Companies must invest to avoid a supply chain scandal or pay the price in lost consumers
Investing to avoid a supply chain scandal is the price worth paying, according to researchers at the University of Surrey, as some customers will not fully return even if the customer-facing firm sacks the offending supplier.
If a supply chain scandal does hit, customers want companies they buy from to act – and a combination of actions, not limited to firing their supplier – is the best way to minimise lost consumers. Apologies are not enough.
Professor Sabine Benoit from Surrey Business School said:
"Our research shows that companies need to do something – and that could include parting ways with a supplier if there's a scandal.
"Customers will blame major firms for supply chain scandals – and this inherited blame will affect whether they buy from the firm in the future."
Traditionally, supply chain managers have been encouraged to support their suppliers when wrongdoing is discovered in their supply chains. However, for many firms, this is not always a realistic option because it can be time-consuming and expensive.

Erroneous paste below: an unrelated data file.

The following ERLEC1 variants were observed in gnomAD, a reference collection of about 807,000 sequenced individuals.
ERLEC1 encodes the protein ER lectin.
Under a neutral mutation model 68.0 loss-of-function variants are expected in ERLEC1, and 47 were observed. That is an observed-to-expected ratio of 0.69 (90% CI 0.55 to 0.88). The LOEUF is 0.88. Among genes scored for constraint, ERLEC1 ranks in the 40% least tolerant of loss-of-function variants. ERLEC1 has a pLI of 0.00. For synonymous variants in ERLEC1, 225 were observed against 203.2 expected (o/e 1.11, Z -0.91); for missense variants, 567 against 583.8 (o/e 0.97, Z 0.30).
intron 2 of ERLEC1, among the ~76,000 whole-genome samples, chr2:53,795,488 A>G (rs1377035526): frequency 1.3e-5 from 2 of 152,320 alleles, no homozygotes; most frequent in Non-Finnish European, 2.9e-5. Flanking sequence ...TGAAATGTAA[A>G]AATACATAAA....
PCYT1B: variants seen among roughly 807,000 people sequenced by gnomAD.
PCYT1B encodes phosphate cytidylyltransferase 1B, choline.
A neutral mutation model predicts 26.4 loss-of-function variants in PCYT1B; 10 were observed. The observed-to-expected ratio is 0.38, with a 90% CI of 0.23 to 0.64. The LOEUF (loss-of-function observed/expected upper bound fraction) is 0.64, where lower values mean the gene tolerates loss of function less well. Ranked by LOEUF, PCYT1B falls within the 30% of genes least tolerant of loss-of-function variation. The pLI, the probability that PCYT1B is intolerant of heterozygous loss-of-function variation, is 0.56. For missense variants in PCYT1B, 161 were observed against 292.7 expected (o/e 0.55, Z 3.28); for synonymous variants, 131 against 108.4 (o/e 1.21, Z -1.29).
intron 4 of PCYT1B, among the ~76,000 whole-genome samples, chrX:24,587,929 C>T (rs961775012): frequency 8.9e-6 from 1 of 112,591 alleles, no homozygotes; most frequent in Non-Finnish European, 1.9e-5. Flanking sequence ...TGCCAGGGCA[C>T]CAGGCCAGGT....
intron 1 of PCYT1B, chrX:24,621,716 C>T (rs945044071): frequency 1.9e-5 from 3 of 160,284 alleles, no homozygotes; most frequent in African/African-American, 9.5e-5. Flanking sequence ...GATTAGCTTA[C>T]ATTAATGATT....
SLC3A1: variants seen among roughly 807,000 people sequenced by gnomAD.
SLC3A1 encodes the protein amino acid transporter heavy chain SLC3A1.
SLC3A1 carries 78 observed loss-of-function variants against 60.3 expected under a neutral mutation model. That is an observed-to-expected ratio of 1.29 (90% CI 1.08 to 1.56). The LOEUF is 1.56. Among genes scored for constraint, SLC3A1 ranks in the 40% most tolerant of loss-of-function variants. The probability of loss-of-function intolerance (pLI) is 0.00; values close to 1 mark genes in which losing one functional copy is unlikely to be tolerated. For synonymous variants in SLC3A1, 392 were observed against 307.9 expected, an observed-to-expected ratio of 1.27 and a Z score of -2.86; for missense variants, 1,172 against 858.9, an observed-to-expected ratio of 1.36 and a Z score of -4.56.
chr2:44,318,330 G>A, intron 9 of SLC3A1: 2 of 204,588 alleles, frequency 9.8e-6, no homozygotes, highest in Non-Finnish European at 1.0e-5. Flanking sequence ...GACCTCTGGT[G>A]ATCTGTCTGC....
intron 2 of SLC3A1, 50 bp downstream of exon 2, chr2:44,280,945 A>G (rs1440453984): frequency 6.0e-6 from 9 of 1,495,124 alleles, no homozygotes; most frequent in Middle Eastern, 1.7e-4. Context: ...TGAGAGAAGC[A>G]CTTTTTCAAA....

This research has found that firms also have the option to sack or monitor their suppliers – and this has the same effect on customers' buying intentions.
Professor Benoit added:
"Our research has found that taking one action – either monitoring and supporting suppliers to do better or moving on from them – will help to build trust and confidence in the major firm but purchasing intention only returns to 75% of what it was before the scandal hit.
"The best option if a scandal does hit is for companies to double-down on their response by sacking the supplier who caused the scandal and work to support their remaining suppliers, then consumers' trust will start to rebuild, resulting in the best outcome possible – with purchasing intention rising to 85% of what it was before the scandal hit.
"What this means for major companies is that consumers expect their brands to be doing good in the world – and there's a right way and a wrong way to handle supply chain scandal with a direct impact on the company's bottom line."
The research, published by the Journal of Supply Chain Management, was carried out over a period of five years by authors in the United Kingdom, Germany and the United States.
Note to Editors:
Professor Sabine Benoit is available for interview on request please email email@example.com
There is an animated video explaining the research.
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